"The Holy Trinity of wit, wisdom, and fun and games."
A fantastic gift.
The Official Old's Cool Education (one set includes a Handbook, Black Book, and Read Book) is the smart aleck's guide to the really important things in life, filled with practical, old-school basics, some hero worship, and the art and science of living well.
Are you as clever as an 11-year old? Let's see: What are the two main ingredients of steel? Who is the only U.S. President whose first language wasn't English? What was Sleeping Beauty's real name? We'll take you fishing with Einstein, educate you on Maslow's Hierarchy of Needs, and play a Latin word matching game.
Don't believe us.
Mike Lerario, author of Leadership in Balance, retired army special forces officer and West Point grad from Fayetteville, North Carolina had some great things to say about the First Edition of The Official Old's Cool Education. The Second Edition, offered here hot off the press, is just as well-bred, well-read, and well-said.
We can't imagine a better gift than enlightenment and wisdom, in the palm of your hand! The Official Old's Cool Education is boredom's annulment.
The ten best book gifts ever. Period.
1. The Odyssey is the most important stone in the foundation of western literature because it is the first, and best. This timeless classic has endured and entertained for 3,000 years for good reason. Read it.
2. Please read The Gulag Archipelago by Alexandre Solzhenitsyn, now. And then let's have a chat. You will be a different person, guaranteed. "Best Non-Fiction Book of the Twentieth Century." – Time
3. The Decline and Fall of the Roman Empire by Edward Gibbon is a masterpiece of history, philosophy and literature. I always liked this quip, from The Duke of Gloucester, brother of King George III, on seeing the second monstrous volume: “Another damned thick, square book! Always, scribble, scribble, scribble! Eh! Mr. Gibbon?"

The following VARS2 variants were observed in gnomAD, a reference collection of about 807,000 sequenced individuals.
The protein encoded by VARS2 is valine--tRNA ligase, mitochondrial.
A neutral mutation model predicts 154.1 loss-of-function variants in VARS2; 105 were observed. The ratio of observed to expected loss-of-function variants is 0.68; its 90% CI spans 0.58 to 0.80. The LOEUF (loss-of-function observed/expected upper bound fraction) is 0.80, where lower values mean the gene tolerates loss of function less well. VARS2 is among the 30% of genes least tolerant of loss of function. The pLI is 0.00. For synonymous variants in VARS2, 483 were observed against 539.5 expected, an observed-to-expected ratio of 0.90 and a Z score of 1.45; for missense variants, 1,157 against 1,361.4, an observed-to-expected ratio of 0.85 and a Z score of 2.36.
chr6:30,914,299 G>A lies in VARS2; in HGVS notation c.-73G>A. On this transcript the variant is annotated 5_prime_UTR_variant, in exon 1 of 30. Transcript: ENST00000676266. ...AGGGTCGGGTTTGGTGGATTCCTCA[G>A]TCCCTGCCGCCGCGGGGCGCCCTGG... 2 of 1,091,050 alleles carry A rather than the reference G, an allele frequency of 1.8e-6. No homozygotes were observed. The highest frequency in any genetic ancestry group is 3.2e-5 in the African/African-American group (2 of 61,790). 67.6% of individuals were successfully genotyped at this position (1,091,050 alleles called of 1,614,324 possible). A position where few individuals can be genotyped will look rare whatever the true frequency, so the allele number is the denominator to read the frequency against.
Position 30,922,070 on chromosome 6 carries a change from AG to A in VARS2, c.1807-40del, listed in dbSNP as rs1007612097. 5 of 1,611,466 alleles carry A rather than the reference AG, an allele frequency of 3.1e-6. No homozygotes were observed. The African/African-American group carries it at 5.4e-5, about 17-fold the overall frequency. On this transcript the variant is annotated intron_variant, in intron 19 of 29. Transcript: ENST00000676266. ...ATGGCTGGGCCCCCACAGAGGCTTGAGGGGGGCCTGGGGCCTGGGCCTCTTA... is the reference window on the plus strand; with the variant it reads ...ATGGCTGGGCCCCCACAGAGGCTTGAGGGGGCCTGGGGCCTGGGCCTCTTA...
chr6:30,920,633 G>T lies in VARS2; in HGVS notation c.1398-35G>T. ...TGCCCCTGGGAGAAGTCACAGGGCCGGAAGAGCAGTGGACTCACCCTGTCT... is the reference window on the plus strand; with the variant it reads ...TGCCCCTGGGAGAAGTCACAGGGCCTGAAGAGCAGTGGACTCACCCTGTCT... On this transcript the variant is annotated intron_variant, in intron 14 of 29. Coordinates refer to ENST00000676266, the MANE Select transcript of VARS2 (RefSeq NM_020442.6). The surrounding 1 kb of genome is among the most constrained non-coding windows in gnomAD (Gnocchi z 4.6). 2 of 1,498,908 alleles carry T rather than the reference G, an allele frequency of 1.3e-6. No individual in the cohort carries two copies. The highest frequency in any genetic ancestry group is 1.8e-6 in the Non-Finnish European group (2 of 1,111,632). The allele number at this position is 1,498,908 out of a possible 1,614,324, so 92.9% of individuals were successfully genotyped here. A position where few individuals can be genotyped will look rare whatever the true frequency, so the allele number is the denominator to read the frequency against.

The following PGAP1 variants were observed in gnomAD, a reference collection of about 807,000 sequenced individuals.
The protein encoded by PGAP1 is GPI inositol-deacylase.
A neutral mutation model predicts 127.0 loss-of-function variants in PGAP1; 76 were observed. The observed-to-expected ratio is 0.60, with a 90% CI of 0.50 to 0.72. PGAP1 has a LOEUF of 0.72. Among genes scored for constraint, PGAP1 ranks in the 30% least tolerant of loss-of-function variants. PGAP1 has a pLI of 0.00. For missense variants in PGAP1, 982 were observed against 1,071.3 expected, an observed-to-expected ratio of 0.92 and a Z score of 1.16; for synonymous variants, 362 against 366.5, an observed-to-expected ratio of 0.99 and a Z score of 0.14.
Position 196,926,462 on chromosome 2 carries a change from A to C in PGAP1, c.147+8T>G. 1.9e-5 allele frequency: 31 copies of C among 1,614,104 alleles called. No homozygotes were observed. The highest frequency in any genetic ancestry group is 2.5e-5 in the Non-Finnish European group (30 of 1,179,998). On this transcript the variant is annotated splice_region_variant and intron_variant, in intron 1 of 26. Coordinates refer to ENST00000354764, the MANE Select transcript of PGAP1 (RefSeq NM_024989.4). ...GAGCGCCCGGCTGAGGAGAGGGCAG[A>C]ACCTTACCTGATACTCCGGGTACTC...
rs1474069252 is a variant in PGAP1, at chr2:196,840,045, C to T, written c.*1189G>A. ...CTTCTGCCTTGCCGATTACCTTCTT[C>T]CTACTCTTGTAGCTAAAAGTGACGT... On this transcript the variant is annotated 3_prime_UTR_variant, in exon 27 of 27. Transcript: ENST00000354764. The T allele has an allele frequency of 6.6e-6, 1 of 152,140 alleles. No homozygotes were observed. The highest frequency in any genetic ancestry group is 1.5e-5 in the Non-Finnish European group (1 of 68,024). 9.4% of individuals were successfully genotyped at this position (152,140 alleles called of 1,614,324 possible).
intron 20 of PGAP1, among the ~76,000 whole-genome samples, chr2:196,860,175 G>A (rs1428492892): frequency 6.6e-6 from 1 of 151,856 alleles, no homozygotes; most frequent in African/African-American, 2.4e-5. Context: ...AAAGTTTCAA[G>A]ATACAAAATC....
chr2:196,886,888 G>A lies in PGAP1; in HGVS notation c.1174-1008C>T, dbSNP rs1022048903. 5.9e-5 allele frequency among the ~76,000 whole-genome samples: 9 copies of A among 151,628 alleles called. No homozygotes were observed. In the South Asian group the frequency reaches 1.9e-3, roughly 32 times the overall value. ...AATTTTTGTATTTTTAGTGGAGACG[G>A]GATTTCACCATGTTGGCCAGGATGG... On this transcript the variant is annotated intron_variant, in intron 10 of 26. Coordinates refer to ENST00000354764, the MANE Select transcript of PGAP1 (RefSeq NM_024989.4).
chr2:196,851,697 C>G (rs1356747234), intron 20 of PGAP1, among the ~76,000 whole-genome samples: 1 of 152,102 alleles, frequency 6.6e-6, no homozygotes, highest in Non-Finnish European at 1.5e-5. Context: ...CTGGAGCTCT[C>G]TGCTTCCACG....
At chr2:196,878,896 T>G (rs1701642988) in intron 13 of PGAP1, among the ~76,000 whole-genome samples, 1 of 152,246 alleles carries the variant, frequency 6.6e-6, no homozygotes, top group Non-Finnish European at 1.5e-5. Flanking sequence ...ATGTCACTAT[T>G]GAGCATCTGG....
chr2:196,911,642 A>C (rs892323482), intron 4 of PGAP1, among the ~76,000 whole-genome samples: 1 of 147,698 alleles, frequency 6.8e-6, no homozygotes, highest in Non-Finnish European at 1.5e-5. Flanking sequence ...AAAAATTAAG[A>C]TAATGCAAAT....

4. The Bible. We're egotheists over here (we think we're God!), and you don't need us to tell you that The Bible is absolutely stunning: it's done more to shape western thought and culture than everything else combined. By far the best-selling book of all time, with good reason.
5. The Tragedy of Hamlet, Prince of Denmark. I'm going to quote Shakespeare's contemporary and critic Ben Jonson, who states in a poem he wrote about his rival that not only is he superior to other English playwrights, but to the Greek and Latin masters as well. Johnson says first and definitively what has become a universal opinion: “Triumph, my Britain, thou hast one to show/ To whom all scenes of Europe homage owe/ He was not of an age, but for all time!”
6. According to Luc Sante, "The Count of Monte Cristo by Alexander Dumas has become a fixture of Western civilization's literature, as inescapable and immediately identifiable as Mickey Mouse, Noah's flood, and the story of Little Red Riding Hood." It's a dashing, romantic, and heartbreaking hero's journey that we all wish we were on.
7. Matthew Arnold called Ralph Waldo Emerson's Essays "the most important work done in prose."
8. I think most self-help books are horse manure. The 7 Habits of Highly Effective People by Stephen Covey isn't. In fact I really think it's the only one you'll ever need, if indeed you do need help. Some of us don't.
9. The Elements of Style has been mostly on my desk for the past 35 years. Have I ever read it I hear some of you wise snots asking. As a matter of fact I just opened it the other day, and a photograph of an old girlfriend fell out. Cinematic and sublime. And the book's fabulous too.
10. This last book was the hardest–we thought about Confessions of St. Augustine, Meditations, Democracy in America, Against Interpretation, Crime and Punishment, Catcher in the Rye, and Brave New World, to name a few, but finally settled on this unsung stunner: West with the Night by Beryl Markham.
We couldn't agree with Stephen King more: Books are uniquely-portable magic.